‘Happier is a better word’: Dog owner’s message for pets

A new breed of dog owner says happier is a more accurate term for happier, and she is not afraid to tell her story.

Theresa Johnson’s dog, Kitty, has become a favorite of many in her community because of the dog’s joyful disposition.

She was adopted by Johnson’s parents from a rescue in New York after being injured in a fall.

But when Kitty became ill, Johnson and her husband decided to adopt the little pug instead of taking her home.

“I’ve always felt it was the best thing to do for my dog,” Johnson told ABC News.

Johnson and her wife had been saving up to buy Kitty a new home after learning about a new breed called the Felipure, a breed of cat litter that is less likely to spread disease and is made from pellets from other animals.

“We thought, ‘I could make a difference,'” Johnson said.

But the Felipeure litter is not the only cat litter to be created by Johnson and the family.

It is the first cat litter produced by the Johnson family.

The Felipurts were originally bred in the U.S. by a German Shepherd breeder, and they were later bred to be less likely, but still susceptible, to contagious diseases like canine distemper and coronavirus.

The Johnsons were able to produce a healthy, healthy litter that did not spread disease.

“The Felipeurts are a very easy-going breed.

They’re the breed that would have been a lot easier to breed,” Johnson said, adding that the Felipedes have been able to adopt a family in nearby Florida.”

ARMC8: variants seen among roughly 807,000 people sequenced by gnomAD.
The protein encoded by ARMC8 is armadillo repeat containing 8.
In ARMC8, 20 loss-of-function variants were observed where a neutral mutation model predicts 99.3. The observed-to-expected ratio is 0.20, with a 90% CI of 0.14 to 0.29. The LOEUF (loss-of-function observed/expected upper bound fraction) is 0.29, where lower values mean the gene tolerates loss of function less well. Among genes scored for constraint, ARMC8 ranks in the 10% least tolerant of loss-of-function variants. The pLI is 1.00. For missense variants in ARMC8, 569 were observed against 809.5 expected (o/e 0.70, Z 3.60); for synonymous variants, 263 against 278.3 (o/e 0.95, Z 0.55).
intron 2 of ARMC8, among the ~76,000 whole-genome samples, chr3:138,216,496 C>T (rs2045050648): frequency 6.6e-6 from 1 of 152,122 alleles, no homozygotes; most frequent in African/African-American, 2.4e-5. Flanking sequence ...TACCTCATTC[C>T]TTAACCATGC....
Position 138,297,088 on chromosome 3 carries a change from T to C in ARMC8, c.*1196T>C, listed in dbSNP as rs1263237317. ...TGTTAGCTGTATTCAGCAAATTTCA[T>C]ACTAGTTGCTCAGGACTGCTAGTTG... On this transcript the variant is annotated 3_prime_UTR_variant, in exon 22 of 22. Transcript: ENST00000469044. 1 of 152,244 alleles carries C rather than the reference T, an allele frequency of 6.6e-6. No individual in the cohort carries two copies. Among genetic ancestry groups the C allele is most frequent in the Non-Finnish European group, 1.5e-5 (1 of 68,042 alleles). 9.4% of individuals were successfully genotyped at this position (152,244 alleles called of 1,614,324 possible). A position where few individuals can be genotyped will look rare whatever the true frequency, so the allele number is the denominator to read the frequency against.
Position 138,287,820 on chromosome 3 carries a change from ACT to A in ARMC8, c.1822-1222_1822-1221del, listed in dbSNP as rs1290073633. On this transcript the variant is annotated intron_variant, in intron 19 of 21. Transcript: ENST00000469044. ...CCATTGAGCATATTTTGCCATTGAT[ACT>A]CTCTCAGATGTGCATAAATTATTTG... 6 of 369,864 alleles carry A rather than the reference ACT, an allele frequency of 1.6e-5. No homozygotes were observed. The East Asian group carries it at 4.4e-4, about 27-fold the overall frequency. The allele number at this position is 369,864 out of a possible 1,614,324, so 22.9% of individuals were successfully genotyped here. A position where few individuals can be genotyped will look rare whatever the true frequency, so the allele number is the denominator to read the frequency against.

It’s very easy to adopt,” Johnson added.

The new litter was a success.

The first few days were hard, but after the first month, she said the Felippurts started loving their new home.

And that is when the problems began.

“After we got the FelIPurts we noticed we were getting a lot of new cats,” Johnson recalled.

“We were getting cats who were very, very small.

We were getting them with very short coats and very short ears.”

After two months of feeding and watering, the Felips were suddenly starting to make a big mess of their new digs.

“They started to eat things that we had not even thought about,” Johnson explained.

Johnson said she is happy to tell the story of Kitty and Felipures success because she believes it is a powerful message that should be shared.

“When you have an idea of the good things that can happen with this new breed, that’s when you have hope,” Johnson concluded.ABC News’ Jennifer Griffin contributed to this report.